In the above chart, I have plotted 11 portfolio combinations, P1 is 100% Nifty to P11 is 100% Nasdaq. As you move across the Portfolios, you would notice that we would keep on reducing the volatility with increasing mix to Nasdaq and sacrifice some returns in process. This characteristic appears due to lower correlation (approx. 0.5) between these indexes rolling returns over the analyzed period. P4 (70% Nifty : 30% Nasdaq) has a similar volatility to Nasdaq index but adds +180bps on the returns, This means the investors should have higher exposure to Nifty to get a better risk adjusted returns. In real life, the correlations are not constant but dynamic and the realized benefit might be lower than expected as per the above chart.

Based on the above data points, I would say that Nasdaq is a risky proposition as an individual investment with higher drawdowns & lower mean returns for Indian retail investors like me & you . It definitely provides the diversification benefits but that would need an exposure of 20%+, If you plan to invest couple of % points or say 5-10% then you can give it a skip. We might be better off with taking global diversification using other options like S&P 500 or Developed world Index funds, though I have not analyzed so not recommending that yet.

Don’t jump on all the NFOs hitting the market, Follow the broad thoughtful portfolio which needs less changes to be a successful investor over a long term. Happy Investing!

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Investment Objectives & Advice

Nifty, Sensex are at all time high? Should you worry?

“When the facts change, I change my mind. What do you do, sir?” – John Maynard Keynes

The vaccine vengeance reflected in the Indian markets with Nifty moving +11.2% in Nov so far and Nifty Midcap 100 by +15.2%. To put this rally in context; Over the long term mean annual returns for the indices are probably in the similar range so you got a year worth of returns in a month (or missed it). If you compare these with the current dismal returns offered by the Debt instruments/ Fixed deposits 15% in a month is 3x to the annual FD returns of 5% in Large commercial banks. Such a large move in the month, when uncertainty around COVID is still prevalent, can trigger the various emotions regarding your portfolio decisions in this year.

Regret that you missed the opportunity to invest in March 2020, Greed to pump in more money in the current market run up to get some more returns, Fear that markets have been hitting all time highs and let’s redeem, Triumph that you killed that market by investing in march and now sitting on handsome gains or many more…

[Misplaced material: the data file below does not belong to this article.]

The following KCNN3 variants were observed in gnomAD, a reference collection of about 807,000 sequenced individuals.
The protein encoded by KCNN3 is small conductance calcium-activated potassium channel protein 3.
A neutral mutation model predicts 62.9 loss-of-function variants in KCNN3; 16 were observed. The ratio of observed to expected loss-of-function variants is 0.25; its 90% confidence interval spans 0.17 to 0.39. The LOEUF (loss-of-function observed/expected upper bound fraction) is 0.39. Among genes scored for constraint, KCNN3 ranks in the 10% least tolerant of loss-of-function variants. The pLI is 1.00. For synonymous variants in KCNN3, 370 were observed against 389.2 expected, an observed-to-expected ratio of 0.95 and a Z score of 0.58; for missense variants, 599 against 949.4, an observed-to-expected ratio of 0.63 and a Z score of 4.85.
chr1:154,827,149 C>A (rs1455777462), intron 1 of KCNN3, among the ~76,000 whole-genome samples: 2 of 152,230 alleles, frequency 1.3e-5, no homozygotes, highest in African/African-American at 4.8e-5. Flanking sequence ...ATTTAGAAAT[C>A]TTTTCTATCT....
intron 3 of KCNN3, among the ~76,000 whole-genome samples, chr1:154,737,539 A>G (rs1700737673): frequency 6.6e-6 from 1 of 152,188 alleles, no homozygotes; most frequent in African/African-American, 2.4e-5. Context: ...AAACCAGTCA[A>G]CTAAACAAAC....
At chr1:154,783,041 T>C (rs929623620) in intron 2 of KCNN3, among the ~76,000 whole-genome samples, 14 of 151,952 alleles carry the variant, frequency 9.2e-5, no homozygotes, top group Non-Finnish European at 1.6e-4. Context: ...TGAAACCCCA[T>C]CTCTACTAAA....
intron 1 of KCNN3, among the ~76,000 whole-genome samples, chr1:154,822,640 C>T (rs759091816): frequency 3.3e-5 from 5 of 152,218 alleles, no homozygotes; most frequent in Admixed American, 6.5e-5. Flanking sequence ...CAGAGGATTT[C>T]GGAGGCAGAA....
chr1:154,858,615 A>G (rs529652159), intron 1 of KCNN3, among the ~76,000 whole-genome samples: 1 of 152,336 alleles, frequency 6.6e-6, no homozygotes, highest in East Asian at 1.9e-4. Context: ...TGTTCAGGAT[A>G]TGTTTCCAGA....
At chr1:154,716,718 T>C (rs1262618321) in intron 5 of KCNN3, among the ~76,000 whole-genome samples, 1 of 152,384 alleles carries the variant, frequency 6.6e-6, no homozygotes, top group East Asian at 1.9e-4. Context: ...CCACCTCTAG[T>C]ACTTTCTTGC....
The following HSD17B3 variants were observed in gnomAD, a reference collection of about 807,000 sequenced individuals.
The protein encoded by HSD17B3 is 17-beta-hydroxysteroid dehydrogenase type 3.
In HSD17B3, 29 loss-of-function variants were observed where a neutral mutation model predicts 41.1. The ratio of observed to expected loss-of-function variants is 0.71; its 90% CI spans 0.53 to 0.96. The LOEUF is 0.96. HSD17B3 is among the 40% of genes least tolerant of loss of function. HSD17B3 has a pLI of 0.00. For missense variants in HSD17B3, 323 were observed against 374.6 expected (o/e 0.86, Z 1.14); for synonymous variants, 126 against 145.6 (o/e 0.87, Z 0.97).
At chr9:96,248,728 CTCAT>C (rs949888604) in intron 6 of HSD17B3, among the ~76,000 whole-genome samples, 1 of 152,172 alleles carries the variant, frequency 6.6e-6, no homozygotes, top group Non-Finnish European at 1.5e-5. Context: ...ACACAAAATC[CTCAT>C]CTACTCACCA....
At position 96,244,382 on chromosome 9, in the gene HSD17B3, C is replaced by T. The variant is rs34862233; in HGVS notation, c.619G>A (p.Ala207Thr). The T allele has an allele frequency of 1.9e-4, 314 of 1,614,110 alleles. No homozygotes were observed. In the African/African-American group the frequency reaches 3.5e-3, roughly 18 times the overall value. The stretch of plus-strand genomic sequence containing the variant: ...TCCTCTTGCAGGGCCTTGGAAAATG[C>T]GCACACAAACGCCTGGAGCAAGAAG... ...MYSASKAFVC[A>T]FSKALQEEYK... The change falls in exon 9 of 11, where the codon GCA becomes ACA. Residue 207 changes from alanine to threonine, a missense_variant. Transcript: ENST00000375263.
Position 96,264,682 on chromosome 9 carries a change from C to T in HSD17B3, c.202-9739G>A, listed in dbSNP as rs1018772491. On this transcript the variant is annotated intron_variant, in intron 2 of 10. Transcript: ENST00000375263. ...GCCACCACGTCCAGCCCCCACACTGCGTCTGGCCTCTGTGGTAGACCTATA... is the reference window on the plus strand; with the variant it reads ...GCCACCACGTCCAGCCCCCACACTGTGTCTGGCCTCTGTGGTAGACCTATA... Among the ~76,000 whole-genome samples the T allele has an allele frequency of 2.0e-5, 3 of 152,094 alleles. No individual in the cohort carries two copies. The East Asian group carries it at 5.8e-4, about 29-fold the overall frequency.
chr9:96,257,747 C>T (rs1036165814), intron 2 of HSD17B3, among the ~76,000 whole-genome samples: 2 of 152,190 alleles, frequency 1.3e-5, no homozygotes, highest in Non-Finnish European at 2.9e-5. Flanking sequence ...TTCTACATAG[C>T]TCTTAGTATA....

The best way to counter such dissonance is to rely on the facts and analyzing the facts. I have mentioned in one of the earlier articles why being rational pays off, may be its time to remind about the same. There are three main pointers floating around at present as below; we would analyze the all three in details.

  1. Earnings
  2. Valuations
  3. Liquidity

Earning growth in 2Q2021 (Jul-Sep 2020) has been drummed as a fantastic rebound of the earnings cycle and it has been used to paint a pretty picture of current markets after all market returns are highly correlated with the earnings. If I look at the standalone profits after tax for Nifty 50 companies in 2Q2021 INR 97,000 Cr, the earnings have grown by whopping 96%+ vs 1Q2021 and +39% vs 2Q2020. Now this standalone fact is pretty good to convince anyone about the earnings growth story. But If you decide to drill down this fact then the point worth remembering is that “In 2Q2020, we had the historic losses posted by Bharti Airtel (Loss of INR 24,500 Cr) after the court ruling. If we remove Bharti Airtel and compare the earnings of remaining 49 companies, we would have had the growth of mere 3.1% on YoY basis.” I am sure, I do not have to remind about the reason for lower earnings in last quarter given the lockdowns.

Nifty TRI/ Nifty PE Since Jan 2014 to Nov 27, 2020

If we look at the earnings trend Since Jan 2014, you would notice the flattish nature of the earnings so far. In last 6 years the CAGR for earnings have been <3% so should we expect the large earnings growth here onwards? Below is what I think: